"Water is actually really fascinating," Paige said as she helped a trio of students work their way through an exercise using an electrical current to separate the liquid's hydrogen and hydroxide ions. "Water is unique, because it can kind of behave in a variety of ways. And so all these different activities are really to get them to see how amazing water is."
The classroom, located inside Foothill College's new Physical Sciences & Engineering Center, was filled with a number of water-based experiments. One exercise demonstrated that cold water is denser than warm water, while another showed how adding soap to water could change the liquid's surface tension.
The course, or "cohort," on water, is the fourth and final installment of the new summer camp, which began this year at Foothill. Camps focusing on the STEM subjects of science, technology, engineering and math are nothing new in Silicon Valley, but this program is in its first year at Foothill.
According to Peter Murray, dean of the physical sciences, math and engineering division at the college, the camp has been a success. It was funded entirely by private donors, including the Palo Alto and Los Altos Rotary clubs and a large donation from Honmai and Joe Goodman of Los Altos. The camp received more interest than the college anticipated, but no one was turned away — Foothill hired more teachers to accommodate all the students who were interested, Murray said.
With the way things have gone this year, Murray said, he has hopes that the program will grow next year, which Paige said she thinks is great.
Paige said she is very excited that the camp is being held at Foothill's new PSEC building, because it gives her access to tools she wouldn't normally have at school. She will be conducting an exercise using a distiller, which neither she — a teacher at the well-funded Los Altos High School — nor her students have ever had the chance to use in a classroom.
She is going to distill Kool-Aid she says, to demonstrate to her students that even the distilling process has the potential to leave trace elements of flavoring and color behind. She said the salts and sugars ought to be mostly removed from the juice mix, but that there will still be faint color and a hint of the original flavor in the water.
"The idea is that distillation is one of the most common methods of people making pure water. But to actually trust that it's clean — how would you know?"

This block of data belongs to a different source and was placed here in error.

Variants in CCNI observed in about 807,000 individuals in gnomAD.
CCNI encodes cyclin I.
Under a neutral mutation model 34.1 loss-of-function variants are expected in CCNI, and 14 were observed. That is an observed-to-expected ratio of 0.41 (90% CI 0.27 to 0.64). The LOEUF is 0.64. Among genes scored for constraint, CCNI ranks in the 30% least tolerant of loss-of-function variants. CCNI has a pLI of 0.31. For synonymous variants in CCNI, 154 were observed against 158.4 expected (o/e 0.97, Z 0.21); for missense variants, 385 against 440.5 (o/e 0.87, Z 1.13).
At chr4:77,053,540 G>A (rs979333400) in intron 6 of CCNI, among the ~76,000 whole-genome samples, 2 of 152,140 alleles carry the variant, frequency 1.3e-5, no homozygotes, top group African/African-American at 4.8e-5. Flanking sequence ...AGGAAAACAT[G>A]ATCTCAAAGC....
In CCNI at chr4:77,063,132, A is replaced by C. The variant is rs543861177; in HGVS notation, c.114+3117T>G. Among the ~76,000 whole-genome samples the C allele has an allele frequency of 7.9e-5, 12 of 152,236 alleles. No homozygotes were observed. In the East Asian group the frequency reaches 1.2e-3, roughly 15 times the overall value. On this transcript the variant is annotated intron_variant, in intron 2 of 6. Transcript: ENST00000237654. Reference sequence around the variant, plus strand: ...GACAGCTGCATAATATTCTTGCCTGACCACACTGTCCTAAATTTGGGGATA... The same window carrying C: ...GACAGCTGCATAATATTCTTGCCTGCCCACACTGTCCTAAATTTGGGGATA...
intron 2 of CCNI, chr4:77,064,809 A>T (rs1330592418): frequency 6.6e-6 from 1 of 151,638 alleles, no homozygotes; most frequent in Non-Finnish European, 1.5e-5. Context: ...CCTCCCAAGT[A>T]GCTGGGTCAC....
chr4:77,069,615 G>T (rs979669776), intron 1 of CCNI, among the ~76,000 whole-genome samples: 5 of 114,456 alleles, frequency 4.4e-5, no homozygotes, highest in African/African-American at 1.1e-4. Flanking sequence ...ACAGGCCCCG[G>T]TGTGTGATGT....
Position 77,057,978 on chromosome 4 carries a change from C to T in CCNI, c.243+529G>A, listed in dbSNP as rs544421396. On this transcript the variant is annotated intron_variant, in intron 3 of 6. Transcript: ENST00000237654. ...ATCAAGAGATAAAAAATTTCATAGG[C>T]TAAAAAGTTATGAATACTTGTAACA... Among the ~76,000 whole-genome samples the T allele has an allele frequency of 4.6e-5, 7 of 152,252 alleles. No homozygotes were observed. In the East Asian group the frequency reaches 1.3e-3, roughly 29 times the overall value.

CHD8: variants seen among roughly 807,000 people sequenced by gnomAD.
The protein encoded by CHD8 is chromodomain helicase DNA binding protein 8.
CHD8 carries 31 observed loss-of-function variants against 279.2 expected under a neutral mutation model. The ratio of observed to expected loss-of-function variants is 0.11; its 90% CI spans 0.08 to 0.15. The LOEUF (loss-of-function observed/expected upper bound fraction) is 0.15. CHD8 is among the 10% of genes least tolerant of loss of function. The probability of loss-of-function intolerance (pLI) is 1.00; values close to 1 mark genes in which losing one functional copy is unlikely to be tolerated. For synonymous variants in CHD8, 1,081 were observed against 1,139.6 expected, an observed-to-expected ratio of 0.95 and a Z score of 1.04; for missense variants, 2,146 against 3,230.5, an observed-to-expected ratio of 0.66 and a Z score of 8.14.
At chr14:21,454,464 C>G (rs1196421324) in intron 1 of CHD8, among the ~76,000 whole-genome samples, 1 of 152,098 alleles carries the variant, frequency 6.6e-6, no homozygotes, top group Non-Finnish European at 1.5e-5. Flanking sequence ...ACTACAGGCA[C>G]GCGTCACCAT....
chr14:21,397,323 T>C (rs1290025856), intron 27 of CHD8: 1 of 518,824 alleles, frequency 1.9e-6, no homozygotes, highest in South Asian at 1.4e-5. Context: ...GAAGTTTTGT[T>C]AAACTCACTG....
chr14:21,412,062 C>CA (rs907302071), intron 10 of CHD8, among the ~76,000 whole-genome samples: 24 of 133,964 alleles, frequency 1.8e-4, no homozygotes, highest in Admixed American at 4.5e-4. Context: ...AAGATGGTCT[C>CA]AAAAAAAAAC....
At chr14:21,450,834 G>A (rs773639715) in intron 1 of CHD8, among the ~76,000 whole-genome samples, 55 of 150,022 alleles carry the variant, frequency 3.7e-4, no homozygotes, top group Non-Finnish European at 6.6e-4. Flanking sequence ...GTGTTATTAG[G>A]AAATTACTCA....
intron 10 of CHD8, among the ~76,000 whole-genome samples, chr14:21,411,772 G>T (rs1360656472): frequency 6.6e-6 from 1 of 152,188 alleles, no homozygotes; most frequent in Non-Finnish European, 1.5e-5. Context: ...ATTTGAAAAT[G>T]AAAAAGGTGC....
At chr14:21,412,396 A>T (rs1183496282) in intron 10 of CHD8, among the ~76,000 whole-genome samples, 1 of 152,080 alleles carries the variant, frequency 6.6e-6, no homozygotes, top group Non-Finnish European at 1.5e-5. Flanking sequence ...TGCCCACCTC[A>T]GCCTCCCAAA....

"The final distillate should be as pure as possible — because that's what everyone thinks." But that's not the case, she said.
"As great a method as it is, the still has its limitations." She said to get to completely neutral water, you have to go through reverse osmosis, distillation and filtration.
This exercise and many others in the water cohort are very applicable to students' real lives, she notes. As consumers, we are constantly buying products that say they are loaded up with some kind of vitamin or mineral that is supposed to be good for us, or free of some kind of chemical that is bad for us, or they are triple distilled. The list goes on, she said. Learning the chemistry behind what all that marketing jargon really means is empowering, she said.
Consider the taste test experiment she had the students do. She had her students taste different cups of water. Some were tap water, others were run through a standard home water filter, and some were bottled water. "Most students assumed that whichever water in their sample tasted the worst, then that was going to be the tap water, and they were all wrong." They all ranked a bottled water as their least favorite.
"One of the claims that bottle water companies make is that their water tastes better, which is sometimes the case, but also that it's cleaner — it's better for you — right? Dasani and Aquafina are municipal waters that have been purified. So, we're going to see. Does it really make that much of a difference, especially if you do a cost analysis of how much money your spending on bottle water?"